How Big Data Is Changing the Face of Humanitarian Response
Author: Patrick Meier
Publisher: CRC Press
Category: Political Science
The overflow of information generated during disasters can be as paralyzing to humanitarian response as the lack of information. This flash flood of informationsocial media, satellite imagery and moreis often referred to as Big Data. Making sense of this data deluge during disasters is proving an impossible challenge for traditional humanitarian
Investigations of what increasing digital connectivity and the digitalization of the economy mean for people and places at the world's economic margins. Within the last decade, more than one billion people became new Internet users. Once, digital connectivity was confined to economically prosperous parts of the world; now Internet users make up a majority of the world's population. In this book, contributors from a range of disciplines and locations investigate the impact of increased digital connectivity on people and places at the world's economic margins. Does the advent of a digitalized economy mean that those in economic peripheries can transcend spatial, organizational, social, and political constraints—or do digital tools and techniques tend to reinforce existing inequalities? The contributors present a diverse set of case studies, reporting on digitalization in countries ranging from Chile to Kenya to the Philippines, and develop a broad range of theoretical positions. They consider, among other things, data-driven disintermediation, women's economic empowerment and gendered power relations, digital humanitarianism and philanthropic capitalism, the spread of innovation hubs, and two cases of the reversal of core and periphery in digital innovation. Contributors Niels Beerepoot, Ryan Burns, Jenna Burrell, Julie Yujie Chen, Peter Dannenberg, Uwe Deichmann, Jonathan Donner, Christopher Foster, Mark Graham, Nicolas Friederici, Hernan Galperin, Catrihel Greppi, Anita Gurumurthy, Isis Hjorth, Lilly Irani, Molly Jackman, Calestous Juma, Dorothea Kleine, Madlen Krone, Vili Lehdonvirta, Chris Locke, Silvia Masiero, Hannah McCarrick,Deepak K. Mishra, Bitange Ndemo, Jorien Oprins, Elisa Oreglia, Stefan Ouma, Robert Pepper, Jack Linchuan Qiu, Julian Stenmanns, Tim Unwin, Julia Verne, Timothy Waema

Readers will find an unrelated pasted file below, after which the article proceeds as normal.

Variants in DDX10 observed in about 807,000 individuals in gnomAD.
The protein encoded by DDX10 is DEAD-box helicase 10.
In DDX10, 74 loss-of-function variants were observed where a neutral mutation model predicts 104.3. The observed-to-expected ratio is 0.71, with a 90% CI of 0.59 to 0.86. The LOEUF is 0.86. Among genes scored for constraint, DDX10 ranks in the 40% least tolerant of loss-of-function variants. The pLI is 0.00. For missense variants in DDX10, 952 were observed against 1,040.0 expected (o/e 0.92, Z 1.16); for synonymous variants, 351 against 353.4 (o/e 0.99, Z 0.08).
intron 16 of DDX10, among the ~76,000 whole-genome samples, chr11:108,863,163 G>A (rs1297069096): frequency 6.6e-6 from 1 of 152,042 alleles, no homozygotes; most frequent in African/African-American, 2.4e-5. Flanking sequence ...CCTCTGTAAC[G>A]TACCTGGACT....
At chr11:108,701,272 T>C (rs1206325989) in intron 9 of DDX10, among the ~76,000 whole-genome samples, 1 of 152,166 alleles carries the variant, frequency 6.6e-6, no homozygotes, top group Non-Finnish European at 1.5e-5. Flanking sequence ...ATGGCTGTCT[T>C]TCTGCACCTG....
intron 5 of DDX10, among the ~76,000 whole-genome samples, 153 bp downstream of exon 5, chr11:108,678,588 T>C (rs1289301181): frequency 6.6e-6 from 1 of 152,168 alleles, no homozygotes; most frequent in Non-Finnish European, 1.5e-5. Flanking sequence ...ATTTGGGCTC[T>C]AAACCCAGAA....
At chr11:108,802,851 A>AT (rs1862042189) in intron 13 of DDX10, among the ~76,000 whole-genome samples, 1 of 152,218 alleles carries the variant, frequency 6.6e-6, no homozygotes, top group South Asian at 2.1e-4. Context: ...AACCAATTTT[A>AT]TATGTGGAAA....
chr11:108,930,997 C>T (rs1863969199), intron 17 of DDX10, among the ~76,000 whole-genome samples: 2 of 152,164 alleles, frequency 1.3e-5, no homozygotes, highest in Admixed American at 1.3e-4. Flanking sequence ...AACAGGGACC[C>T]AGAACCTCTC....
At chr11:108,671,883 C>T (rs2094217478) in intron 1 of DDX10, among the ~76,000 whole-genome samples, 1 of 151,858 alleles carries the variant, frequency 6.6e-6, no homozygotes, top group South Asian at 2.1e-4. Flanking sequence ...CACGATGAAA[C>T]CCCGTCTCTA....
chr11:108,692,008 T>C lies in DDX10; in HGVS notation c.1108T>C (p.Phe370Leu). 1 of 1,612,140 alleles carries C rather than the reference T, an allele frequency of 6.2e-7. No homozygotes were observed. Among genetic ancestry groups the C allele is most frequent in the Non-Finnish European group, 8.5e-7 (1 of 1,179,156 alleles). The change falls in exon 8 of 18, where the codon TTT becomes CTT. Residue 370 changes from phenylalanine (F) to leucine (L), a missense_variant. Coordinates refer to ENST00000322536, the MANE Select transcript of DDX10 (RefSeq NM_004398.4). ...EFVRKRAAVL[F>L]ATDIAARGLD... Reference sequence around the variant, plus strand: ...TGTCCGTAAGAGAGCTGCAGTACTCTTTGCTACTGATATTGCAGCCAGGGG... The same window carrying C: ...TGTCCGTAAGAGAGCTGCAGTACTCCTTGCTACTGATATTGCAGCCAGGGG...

Thinking Big Data in Geography offers a practical state-of-the-field overview of big data as both a means and an object of research, with essays from prominent and emerging scholars such as Rob Kitchin, Renee Sieber, and Mark Graham. Part 1 explores how the advent of geoweb technologies and big data sets has influenced some of geography's major subdisciplines: urban politics and political economy, human-environment interactions, and geographic information sciences. Part 2 addresses how the geographic study of big data has implications for other disciplinary fields, notably the digital humanities and the study of social justice. The volume concludes with theoretical applications of the geoweb and big data as they pertain to society as a whole, examining the ways in which user-generated data come into the world and are complicit in its unfolding. The contributors raise caution regarding the use of spatial big data, citing issues of accuracy, surveillance, and privacy.